No grace period! Price transparency requirement is effective January 1, 2019

Notice to all Baker Tilly hospital and health system clients and contacts:

The Centers for Medicare & Medicaid Services (CMS) issued a final rule this past August updating Medicare payment policies. The rule requires hospitals to publically display a list of their current standard charges via the internet.

Many hospitals are assuming that there is an 80-day grace period with respect to implementation of this Medicare requirement. These hospitals are pointing to H.R. Bill 6509 (Section 249) which refers to the 80-day implementation grace period. Bill 6509 has only been introduced and referred to the H.R. subcommittee on health; however, it has NOT been signed into law and therefore does not provide any formal grace period.

The Medicare requirement to post charges is effective January 1, 2019.

The CMS rule mandates that charges for all services provided (to include DRG pricing) be readily available to patients, including drugs and biologicals. The hospital’s charge description master (CDM) can be posted or shared through other means as long as the information can be downloaded and/or imported into a computer system (e.g., XML, CSV). Hospitals need to evaluate how to communicate their charges with respect to the new mandate. It is recommended that hospitals consider displaying their charges through service line bundles and through average DRG pricing methodology to increase consumer understanding (in addition to the line item details required by the final rule). The charges need to be updated annually or more often as appropriate to reflect current charges.

Hospitals may want to publish their CDM as a second level of charge detail underneath or behind the DRG or procedure details. We recommend that this be done through a link on your website that allows patients the ability to download the CDM in a machine readable format. You should provide context here that posted DRG charges may vary from the CDM due to a variety of reasons, such as length of stay and medical complications.

Hospitals are under pressure to remain competitive with respect to appropriate cost-driven pricing and should consider implementing a thorough review of their current CDM in support of the CMS posting requirement and as a go-forward pricing strategy.


Baker Tilly can assist hospitals in conducting a quick but comprehensive review and analysis of their current CDM to optimize the charge structure with recommendations for overall CDM updating and pricing revisions. This can be accomplished by:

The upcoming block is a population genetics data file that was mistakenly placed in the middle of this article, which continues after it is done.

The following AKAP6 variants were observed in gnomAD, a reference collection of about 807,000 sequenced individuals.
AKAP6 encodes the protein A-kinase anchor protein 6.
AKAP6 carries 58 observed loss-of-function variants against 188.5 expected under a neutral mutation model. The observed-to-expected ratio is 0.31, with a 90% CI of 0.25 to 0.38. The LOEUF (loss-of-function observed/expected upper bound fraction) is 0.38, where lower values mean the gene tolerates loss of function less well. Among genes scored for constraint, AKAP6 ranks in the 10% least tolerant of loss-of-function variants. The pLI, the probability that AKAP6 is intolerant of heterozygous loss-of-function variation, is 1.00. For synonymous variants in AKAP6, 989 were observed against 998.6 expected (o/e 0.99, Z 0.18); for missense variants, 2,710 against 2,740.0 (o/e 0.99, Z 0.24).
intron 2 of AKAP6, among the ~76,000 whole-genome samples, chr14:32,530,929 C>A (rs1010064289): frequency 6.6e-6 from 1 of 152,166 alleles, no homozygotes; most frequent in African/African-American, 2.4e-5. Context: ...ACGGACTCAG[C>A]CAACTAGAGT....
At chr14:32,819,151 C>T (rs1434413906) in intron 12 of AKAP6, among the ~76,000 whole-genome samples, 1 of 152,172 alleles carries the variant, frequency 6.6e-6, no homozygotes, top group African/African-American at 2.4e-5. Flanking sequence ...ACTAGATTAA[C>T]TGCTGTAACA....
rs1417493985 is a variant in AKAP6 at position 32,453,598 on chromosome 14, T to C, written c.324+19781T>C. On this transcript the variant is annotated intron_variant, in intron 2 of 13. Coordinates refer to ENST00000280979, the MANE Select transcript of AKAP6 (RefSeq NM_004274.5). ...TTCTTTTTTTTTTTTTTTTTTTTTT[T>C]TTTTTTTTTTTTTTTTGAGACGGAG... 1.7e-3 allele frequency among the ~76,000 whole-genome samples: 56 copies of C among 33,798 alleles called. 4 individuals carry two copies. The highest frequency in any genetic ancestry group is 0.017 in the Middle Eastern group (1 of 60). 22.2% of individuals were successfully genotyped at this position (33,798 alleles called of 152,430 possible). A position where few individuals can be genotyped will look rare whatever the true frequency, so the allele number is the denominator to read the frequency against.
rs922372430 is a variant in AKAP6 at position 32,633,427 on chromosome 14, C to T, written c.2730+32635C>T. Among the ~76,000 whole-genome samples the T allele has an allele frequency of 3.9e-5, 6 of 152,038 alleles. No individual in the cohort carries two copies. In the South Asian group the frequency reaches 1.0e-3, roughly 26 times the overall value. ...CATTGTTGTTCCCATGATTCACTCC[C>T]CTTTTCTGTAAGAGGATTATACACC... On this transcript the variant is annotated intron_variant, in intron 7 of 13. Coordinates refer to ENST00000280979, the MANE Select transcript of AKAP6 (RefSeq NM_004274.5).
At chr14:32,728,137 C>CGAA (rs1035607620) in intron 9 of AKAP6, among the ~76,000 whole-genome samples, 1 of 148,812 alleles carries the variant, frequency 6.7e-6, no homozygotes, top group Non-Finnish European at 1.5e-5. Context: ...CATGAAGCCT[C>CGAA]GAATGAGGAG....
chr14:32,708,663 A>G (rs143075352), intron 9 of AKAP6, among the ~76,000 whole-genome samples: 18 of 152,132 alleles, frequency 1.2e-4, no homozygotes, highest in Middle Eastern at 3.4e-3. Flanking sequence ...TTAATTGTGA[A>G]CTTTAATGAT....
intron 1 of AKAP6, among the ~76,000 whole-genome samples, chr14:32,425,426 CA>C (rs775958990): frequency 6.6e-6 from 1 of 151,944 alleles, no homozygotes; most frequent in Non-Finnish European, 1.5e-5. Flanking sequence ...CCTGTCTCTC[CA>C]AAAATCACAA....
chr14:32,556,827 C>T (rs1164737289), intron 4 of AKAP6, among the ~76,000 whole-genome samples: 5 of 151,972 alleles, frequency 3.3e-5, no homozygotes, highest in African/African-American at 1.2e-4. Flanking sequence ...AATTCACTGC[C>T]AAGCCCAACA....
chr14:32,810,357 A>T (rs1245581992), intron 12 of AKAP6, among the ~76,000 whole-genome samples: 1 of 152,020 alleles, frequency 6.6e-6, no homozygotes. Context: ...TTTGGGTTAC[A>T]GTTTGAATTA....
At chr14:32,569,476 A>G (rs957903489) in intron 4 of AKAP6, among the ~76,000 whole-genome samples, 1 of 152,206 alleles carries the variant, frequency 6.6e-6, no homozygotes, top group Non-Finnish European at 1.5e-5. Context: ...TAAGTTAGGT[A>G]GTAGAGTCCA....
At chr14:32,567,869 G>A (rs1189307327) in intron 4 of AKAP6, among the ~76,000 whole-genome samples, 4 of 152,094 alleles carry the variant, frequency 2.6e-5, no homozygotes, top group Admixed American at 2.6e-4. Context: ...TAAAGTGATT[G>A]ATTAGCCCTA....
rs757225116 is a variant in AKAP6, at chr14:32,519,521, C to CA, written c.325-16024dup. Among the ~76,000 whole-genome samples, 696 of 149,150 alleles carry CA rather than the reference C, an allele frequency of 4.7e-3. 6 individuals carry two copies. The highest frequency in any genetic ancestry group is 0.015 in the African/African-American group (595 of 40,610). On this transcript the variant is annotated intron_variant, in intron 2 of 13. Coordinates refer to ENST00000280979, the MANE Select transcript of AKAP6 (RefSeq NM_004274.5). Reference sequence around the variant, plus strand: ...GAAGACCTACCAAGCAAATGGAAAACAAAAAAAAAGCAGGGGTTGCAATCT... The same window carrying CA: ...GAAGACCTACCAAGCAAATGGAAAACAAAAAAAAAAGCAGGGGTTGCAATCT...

• Benchmarking and pricing determinations by service lines through analysis of available hospital cost information and market peer hospitals
  • Developing revenue-positive or revenue-neutral pricing strategies as your organization moves towards a more transparent and cost-based pricing methodology
  • Identifying initial charge reduction strategies based on transparency concerns and/or specific decreasing utilization trends (and then assessing the associated revenue impact).
  • Review of commercial managed care agreements as it relates to charge increase language and any payment methodologies that are impacted by charge adjustments.

CMS notes that charges do not necessarily allow for patients to determine what their financial liabilities will be; however, feel this is an initial step in the right direction towards full transparency. With this in mind, hospitals are encouraged to provide context around charges with respect to what patients might owe due to negotiated discounts or fixed pricing with payers. Hospitals are not required to provide payer specific pricing information.

Baker Tilly healthcare specialists can provide suggested language that hospitals can use on their website that discusses charges and patient financial liability with respect to the Medicare price posting requirement. See an example of suggested language for your hospital website.


For more information on this topic, or to learn how Baker Tilly healthcare specialists can help, contact our team.